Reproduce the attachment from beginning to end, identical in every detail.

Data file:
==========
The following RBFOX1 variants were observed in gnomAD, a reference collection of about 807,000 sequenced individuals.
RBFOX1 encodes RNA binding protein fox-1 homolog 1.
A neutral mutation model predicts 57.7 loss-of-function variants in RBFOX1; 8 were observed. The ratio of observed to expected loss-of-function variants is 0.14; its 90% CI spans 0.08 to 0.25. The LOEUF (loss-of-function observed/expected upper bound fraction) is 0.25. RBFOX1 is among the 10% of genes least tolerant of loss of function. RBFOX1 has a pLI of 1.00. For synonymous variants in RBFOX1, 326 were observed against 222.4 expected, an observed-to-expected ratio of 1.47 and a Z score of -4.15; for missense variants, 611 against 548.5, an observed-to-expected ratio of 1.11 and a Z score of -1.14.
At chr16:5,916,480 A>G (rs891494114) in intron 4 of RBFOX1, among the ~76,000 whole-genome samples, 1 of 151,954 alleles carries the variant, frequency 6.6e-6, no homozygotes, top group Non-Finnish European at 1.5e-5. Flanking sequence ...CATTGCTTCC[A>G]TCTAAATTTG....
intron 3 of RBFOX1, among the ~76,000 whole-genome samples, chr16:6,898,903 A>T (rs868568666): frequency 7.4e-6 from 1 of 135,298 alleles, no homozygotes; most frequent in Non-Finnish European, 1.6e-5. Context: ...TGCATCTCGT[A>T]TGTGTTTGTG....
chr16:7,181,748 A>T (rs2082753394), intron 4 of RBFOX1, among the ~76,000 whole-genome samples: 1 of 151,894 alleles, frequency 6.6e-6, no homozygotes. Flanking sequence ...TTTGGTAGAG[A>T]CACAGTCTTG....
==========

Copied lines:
The following RBFOX1 variants were observed in gnomAD, a reference collection of about 807,000 sequenced individuals.
RBFOX1 encodes RNA binding protein fox-1 homolog 1.
A neutral mutation model predicts 57.7 loss-of-function variants in RBFOX1; 8 were observed. The ratio of observed to expected loss-of-function variants is 0.14; its 90% CI spans 0.08 to 0.25. The LOEUF (loss-of-function observed/expected upper bound fraction) is 0.25. RBFOX1 is among the 10% of genes least tolerant of loss of function. RBFOX1 has a pLI of 1.00. For synonymous variants in RBFOX1, 326 were observed against 222.4 expected, an observed-to-expected ratio of 1.47 and a Z score of -4.15; for missense variants, 611 against 548.5, an observed-to-expected ratio of 1.11 and a Z score of -1.14.
At chr16:5,916,480 A>G (rs891494114) in intron 4 of RBFOX1, among the ~76,000 whole-genome samples, 1 of 151,954 alleles carries the variant, frequency 6.6e-6, no homozygotes, top group Non-Finnish European at 1.5e-5. Flanking sequence ...CATTGCTTCC[A>G]TCTAAATTTG....
intron 3 of RBFOX1, among the ~76,000 whole-genome samples, chr16:6,898,903 A>T (rs868568666): frequency 7.4e-6 from 1 of 135,298 alleles, no homozygotes; most frequent in Non-Finnish European, 1.6e-5. Context: ...TGCATCTCGT[A>T]TGTGTTTGTG....
chr16:7,181,748 A>T (rs2082753394), intron 4 of RBFOX1, among the ~76,000 whole-genome samples: 1 of 151,894 alleles, frequency 6.6e-6, no homozygotes. Flanking sequence ...TTTGGTAGAG[A>T]CACAGTCTTG....